So why limit your exposure to PVC?
No other plastic contains or releases as many dangerous chemicals. These include dioxins,
phthalates, vinyl chloride, ethylene dichloride, lead, cadmium, and organotins. There's no safe way to
manufacture, use or dispose of PVC products
In You and your food. As a persistent bioaccumulative toxin (PBT), it does not breakdown rapidly and travels around the globe, accumulating in fatty tissue and concentrating as it goes up the food chain. Dioxins from Louisiana manufacturing plants migrate on the winds and concentrate in Great Lakes fish. Dioxins are even found in hazardous concentrations in the tissues of whales and polar bears and in Inuit mother's breast milk. The dioxin exposure of the average American already poses a calculated risk of cancer of greater than 1 in 1,000 - thousands of times greater than the usual standard for acceptable risk. Really scary is that dioxins concentrate in breast milk to the point that human infants now receive high doses, orders of magnitude greater than those of the average adult.
air pollution near plants: In Mossville, Louisiana, air monitoring conducted by the US Environmental Protection Agency in 1999 showed concentrations of vinyl chloride more than 120 times higher than the ambient air standard.
working in plant: Studies have documented links between working in vinyl chloride production facilities and the increased likelihood of developing diseases including angiosarcoma of the liver, a rare form of liver cancer, brain cancer, lung cancer, lymphomas, leukemia, and liver cirrhosis.
The multitudes of additives required to make PVC useful make large scale post consumer recycling nearly impossible for most products and interfere with the recycling of other plastics. Of an estimated 7 billion pounds of PVC thrown away in the US, only 14 million - less than 1/2 of 1 percent - is recycled. The Association of Post Consumer Plastics Recyclers declared efforts to recycle PVC a failure and labeled it a contaminant in 1998. We tried. Learn more about how that went.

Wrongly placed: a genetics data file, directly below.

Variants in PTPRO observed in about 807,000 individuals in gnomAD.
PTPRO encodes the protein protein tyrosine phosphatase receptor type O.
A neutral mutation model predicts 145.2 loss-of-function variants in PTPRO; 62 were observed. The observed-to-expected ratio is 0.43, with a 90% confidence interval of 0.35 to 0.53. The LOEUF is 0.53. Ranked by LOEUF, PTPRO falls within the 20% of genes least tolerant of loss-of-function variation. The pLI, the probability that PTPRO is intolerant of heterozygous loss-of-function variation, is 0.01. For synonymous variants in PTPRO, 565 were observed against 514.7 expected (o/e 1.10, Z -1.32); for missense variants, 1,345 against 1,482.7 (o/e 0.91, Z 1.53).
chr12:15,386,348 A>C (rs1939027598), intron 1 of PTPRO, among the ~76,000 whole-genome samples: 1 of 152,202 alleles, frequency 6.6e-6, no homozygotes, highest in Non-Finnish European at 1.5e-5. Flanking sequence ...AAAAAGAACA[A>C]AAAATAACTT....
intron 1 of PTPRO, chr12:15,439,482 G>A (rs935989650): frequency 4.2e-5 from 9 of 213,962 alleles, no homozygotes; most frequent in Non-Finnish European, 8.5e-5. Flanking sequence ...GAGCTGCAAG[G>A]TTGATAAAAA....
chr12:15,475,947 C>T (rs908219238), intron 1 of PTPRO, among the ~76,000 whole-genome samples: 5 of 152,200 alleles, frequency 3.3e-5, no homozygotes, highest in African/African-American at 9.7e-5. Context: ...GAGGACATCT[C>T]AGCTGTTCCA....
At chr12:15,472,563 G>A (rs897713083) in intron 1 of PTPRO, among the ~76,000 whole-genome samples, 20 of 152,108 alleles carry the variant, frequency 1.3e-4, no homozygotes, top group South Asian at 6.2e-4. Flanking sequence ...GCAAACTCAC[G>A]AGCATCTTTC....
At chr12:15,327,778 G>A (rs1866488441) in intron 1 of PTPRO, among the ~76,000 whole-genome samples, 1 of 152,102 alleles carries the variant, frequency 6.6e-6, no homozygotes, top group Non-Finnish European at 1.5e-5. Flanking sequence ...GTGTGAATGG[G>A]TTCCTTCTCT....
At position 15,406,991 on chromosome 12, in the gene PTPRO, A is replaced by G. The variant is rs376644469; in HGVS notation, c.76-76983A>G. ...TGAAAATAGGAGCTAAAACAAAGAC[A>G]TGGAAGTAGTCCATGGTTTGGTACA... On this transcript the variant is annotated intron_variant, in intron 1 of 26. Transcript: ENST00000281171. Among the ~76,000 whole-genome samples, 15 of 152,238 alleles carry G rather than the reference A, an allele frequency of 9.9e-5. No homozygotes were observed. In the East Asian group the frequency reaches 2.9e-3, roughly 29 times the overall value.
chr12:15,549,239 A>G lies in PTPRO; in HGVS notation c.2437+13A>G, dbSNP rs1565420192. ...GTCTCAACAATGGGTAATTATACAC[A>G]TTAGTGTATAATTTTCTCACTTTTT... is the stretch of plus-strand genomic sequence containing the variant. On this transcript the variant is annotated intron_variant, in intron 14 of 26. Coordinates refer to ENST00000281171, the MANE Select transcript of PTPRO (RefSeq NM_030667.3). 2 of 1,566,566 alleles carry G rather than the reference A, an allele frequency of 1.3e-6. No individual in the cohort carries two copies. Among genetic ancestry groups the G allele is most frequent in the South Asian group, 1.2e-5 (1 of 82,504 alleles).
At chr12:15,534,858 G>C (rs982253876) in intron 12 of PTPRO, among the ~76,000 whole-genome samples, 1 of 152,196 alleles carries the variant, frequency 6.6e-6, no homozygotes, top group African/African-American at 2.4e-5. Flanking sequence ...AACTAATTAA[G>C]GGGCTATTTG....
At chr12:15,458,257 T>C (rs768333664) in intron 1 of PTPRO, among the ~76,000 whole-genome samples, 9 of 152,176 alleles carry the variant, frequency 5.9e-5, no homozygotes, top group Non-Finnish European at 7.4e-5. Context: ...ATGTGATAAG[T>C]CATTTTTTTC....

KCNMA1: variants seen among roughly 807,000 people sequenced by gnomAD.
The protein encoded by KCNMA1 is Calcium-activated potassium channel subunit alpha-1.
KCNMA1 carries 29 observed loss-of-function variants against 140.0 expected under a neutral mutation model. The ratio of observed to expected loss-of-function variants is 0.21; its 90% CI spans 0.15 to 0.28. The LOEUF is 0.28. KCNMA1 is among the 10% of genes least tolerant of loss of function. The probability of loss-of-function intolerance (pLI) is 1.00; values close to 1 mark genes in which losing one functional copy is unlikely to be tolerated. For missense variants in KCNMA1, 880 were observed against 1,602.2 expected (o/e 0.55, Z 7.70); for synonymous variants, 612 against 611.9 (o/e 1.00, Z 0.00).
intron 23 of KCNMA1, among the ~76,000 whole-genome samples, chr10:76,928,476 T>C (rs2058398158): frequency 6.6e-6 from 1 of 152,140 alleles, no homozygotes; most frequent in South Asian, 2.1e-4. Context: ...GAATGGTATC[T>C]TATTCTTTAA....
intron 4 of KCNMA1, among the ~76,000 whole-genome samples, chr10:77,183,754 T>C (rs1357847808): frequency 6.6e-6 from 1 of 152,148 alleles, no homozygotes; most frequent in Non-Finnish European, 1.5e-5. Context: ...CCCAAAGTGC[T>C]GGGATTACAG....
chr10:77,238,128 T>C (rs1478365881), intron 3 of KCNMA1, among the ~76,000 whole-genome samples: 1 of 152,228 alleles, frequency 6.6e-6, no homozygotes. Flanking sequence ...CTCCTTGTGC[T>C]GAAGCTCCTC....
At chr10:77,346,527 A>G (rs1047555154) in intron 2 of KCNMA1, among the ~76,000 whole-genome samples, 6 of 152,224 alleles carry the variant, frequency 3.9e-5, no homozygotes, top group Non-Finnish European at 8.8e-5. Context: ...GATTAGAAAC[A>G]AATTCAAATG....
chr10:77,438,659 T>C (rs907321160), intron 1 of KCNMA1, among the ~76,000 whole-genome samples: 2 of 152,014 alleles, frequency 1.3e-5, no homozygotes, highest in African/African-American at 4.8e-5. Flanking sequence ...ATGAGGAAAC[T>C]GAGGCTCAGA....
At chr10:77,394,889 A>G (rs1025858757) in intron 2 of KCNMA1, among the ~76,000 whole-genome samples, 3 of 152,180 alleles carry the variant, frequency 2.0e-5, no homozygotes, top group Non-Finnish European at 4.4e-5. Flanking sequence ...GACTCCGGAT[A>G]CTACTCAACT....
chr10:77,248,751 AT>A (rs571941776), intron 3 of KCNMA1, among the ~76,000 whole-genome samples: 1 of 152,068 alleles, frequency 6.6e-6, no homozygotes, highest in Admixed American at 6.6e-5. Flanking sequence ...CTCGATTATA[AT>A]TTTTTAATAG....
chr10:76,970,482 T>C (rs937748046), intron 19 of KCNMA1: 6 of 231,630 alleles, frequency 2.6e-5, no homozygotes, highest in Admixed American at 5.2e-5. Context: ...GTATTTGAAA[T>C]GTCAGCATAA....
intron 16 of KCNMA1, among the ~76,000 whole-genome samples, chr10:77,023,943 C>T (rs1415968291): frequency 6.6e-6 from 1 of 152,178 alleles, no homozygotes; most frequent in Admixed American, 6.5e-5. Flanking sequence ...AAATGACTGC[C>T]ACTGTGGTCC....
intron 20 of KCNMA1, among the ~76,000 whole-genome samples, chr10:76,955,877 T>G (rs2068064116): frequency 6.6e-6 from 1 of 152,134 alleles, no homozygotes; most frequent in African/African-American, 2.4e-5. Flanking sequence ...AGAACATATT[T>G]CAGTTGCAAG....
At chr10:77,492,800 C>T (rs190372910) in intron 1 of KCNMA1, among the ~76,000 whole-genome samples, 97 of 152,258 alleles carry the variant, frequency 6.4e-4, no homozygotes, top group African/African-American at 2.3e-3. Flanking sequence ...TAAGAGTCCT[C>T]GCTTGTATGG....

Although vinyl is in theory recyclable, there are currently no vinyl recycling programs available. The vast majority of PVCs end up in landfill or incinerated - and both are environmentally hazardous. Currently 0.1% to 3% of vinyl is recycled (mostly industrial waste) of the 2 billion and 4 billion pounds of PVC that is discarded in the US every year.
PVC poses a great risk in building fires, as it releases deadly gases long before it ignites, such as hydrogen chloride which turns to hydrochloric acid when inhaled. As it burns, whether accidentally or in waste incineration, it releases yet more toxic dioxins. PVC burning in landfill fires may now be the single largest source of dioxin releases to the environment. If you see the former entry about recycling, with the approximately 8400 landfill fires every year in the US, this is an issue.
What are Dioxins?
Types of Vinyl
Links to more information
Healthy Building Network
EPA Enforcement EPA regulates
Ecocycle on recycling
PVC Information dangers in making dangers in fire disposing of PVC
Center for Health, Environment and Justice.
PVC, the Poison Plastic – Unhealthy for Our Nation's Children and Schools: PDF | HTML
Our Health and PVC – What's the Connection?: PDF | HTML
PVC Flooring and Toxic Cleaning Products: PDF | HTML
Top Ten Reasons Your School Should Go PVC-Free: PDF | HTML
PVC & Environmental Justice: PDF | HTML
PVC Policies Around the World: PDF | HTML
Ted Talks: Diana Cohen: Tough Truths About Plastic Pollution
Ted Talks: Capt. Charles Moore on Seas of Plastic
Healthy Building Network
Vinyl Industry Sites